LULU - 4 Star review in The Times.
A great 4-star review for The Tiger Lillies new show 'Lulu - A Murder Ballad':
"Lulu never utters a word. Seen but not heard, she's the subject of this pretty stunning new piece of ballad theatre, inspired by Frank Wedekind's Lulu plays. Songwriter Martyn Jacques, fronting his three-man band the Tiger Lillies (of Shockheaded Peter fame), narrates the fille fatale's story: a dark tale of childhood grooming, followed by manifold forms of prostitution and her death at Jack the Ripper's hands.
In his Grand Guignol makeup, Jacques is a sinister monster, his jowly face smeared ghoul-white, with blackened eyes under a brown bowler. He sings the ballad as if half-possessed by Lulu's abusers and pimps, who range from slum-dwellers to those in high society. As he does so, his voice switches between a foul-mouthed growl and his mesmerising falsetto - like a degenerate choirboy fallen in with gypsy-punk and Berlin cabaret jazz. His sidekicks back his accordion with thrumming contra bass and drums, and the creepy, quivering warble of a theremin.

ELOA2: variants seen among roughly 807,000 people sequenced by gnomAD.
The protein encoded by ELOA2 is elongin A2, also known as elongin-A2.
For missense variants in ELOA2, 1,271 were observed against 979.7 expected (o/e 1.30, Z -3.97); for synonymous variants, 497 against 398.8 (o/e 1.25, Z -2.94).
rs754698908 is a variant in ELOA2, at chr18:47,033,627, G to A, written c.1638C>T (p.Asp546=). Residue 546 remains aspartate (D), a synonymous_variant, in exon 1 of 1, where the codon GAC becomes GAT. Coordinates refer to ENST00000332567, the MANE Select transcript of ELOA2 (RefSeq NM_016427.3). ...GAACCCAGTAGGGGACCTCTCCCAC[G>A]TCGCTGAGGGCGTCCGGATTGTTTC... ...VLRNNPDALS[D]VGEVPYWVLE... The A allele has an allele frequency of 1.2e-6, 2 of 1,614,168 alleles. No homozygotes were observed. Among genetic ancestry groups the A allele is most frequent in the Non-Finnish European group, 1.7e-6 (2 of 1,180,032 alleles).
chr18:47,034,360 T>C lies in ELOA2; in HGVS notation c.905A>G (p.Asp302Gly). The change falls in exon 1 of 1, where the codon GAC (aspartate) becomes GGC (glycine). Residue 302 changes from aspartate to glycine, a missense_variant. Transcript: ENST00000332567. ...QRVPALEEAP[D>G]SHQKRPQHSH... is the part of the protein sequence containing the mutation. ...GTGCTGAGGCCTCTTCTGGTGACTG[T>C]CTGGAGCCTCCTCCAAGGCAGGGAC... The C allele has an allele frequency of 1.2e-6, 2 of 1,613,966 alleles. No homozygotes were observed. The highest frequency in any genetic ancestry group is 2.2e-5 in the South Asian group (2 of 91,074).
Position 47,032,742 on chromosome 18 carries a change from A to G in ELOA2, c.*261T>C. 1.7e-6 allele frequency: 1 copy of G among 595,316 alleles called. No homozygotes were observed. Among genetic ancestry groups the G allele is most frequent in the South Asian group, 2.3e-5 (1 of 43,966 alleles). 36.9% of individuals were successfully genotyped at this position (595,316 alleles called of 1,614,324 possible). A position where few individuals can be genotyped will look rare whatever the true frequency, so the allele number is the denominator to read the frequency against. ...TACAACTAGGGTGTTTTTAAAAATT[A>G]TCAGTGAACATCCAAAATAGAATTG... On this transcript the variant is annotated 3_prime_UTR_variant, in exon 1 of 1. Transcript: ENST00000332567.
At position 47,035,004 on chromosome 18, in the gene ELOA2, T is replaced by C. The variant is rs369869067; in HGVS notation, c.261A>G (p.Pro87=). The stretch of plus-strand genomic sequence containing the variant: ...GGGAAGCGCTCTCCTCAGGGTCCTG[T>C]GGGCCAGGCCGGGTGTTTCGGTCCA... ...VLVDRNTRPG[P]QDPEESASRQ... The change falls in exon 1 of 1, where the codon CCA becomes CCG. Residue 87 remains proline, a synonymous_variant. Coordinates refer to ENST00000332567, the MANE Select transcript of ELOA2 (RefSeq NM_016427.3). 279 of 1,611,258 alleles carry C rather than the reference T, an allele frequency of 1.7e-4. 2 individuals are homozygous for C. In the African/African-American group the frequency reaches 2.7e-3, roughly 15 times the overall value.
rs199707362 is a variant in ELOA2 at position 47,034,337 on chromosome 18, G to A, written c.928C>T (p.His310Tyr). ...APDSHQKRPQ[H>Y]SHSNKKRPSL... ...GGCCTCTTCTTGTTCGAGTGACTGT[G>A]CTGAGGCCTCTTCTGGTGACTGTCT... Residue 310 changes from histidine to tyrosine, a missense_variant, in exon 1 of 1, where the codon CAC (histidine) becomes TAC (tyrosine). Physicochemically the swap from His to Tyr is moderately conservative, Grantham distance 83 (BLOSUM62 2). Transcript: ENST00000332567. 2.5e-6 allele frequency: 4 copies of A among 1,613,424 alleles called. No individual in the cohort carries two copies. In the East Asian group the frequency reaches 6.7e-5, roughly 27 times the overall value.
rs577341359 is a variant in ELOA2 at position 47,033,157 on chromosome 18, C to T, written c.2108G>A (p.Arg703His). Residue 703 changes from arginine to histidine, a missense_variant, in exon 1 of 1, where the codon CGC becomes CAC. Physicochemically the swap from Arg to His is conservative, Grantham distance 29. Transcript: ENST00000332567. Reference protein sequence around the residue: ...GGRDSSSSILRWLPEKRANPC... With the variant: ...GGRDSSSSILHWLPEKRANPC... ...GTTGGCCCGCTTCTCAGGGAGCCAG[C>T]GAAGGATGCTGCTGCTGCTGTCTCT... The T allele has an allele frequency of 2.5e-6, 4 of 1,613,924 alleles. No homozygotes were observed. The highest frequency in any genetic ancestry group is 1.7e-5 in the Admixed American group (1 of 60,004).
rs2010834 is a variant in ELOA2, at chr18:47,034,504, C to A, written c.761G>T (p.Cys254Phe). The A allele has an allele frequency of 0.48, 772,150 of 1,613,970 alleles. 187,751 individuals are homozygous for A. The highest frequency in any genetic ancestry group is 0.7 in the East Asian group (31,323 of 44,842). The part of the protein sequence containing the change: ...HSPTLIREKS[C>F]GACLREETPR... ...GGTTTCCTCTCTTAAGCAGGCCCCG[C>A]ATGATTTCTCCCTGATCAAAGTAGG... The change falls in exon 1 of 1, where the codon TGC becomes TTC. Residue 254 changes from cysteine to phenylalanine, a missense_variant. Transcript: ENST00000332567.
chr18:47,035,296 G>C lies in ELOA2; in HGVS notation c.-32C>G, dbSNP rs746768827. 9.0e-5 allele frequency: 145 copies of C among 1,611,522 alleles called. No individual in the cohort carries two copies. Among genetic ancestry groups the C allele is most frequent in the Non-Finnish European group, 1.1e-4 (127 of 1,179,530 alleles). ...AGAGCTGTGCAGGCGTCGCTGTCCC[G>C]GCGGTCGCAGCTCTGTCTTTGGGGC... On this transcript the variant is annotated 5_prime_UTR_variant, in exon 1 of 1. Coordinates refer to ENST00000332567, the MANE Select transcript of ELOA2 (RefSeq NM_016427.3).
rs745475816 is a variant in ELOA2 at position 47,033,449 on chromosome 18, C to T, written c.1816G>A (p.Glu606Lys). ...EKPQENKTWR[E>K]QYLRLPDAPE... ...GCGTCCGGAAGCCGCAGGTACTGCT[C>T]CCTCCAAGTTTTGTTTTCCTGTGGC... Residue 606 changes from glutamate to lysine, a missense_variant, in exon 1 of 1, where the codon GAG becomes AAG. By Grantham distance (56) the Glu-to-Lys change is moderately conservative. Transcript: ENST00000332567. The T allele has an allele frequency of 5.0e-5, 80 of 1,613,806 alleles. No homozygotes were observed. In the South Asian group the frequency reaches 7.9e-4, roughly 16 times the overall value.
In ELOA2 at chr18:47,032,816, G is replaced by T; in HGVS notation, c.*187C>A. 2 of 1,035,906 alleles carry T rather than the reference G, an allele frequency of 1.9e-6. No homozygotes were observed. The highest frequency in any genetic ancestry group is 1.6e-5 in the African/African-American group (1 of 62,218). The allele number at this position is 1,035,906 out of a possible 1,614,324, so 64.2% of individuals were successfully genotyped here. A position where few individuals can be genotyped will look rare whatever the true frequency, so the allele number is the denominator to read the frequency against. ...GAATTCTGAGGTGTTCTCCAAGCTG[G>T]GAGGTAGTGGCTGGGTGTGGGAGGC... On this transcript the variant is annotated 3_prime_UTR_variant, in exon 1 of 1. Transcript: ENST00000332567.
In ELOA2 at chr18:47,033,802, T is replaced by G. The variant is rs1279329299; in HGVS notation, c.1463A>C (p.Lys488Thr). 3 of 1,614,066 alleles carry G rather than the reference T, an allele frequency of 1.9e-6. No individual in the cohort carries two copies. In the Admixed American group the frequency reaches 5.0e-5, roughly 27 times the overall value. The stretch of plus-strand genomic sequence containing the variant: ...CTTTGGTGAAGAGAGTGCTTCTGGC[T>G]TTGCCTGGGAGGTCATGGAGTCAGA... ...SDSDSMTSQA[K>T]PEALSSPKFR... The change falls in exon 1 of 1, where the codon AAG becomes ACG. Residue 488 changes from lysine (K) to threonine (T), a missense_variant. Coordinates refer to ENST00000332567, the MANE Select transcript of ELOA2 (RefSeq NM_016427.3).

Meanwhile, the dancer Laura Caldow is glimpsed through gauze scrims on a raised stage behind the band, this being ballad theatre plus a solo ballerina. Early on, as a young kept woman, Caldow's Lulu turns slowly en pointe, like a music-box doll, as if compelled to perform for voyeurs. Later, she flits between a beaming cancan and mimed assaults. Director-designer Mark Holthusen frames her in swirling, phantasmagoric projections of fragmented, belle époque interiors. In her death scene, a blood-red explosion flowers on her bedsit wall, accompanied by a frenzied crescendo from the band and a screeched suggestion that she might have felt ecstatically released from misery.
What's clever about this production is that - by being manifestly male-dominated - it actually foregrounds the fact that Lulu is the product of twisted male fantasies and patriarchal mechanisms. It is sharply aware of this and ultimately condemns it. Though nonverbal, Caldow is powerfully sympathetic, imbued with innocence and resilience en route. The music is mournful, not simply menacing. Beyond that death scene, Jacques's coda is in fact the scorching climax, damning the Jack to hell. So morally provocative, intriguingly two-edged. A startlingly alternative commission, co-produced by Opera North."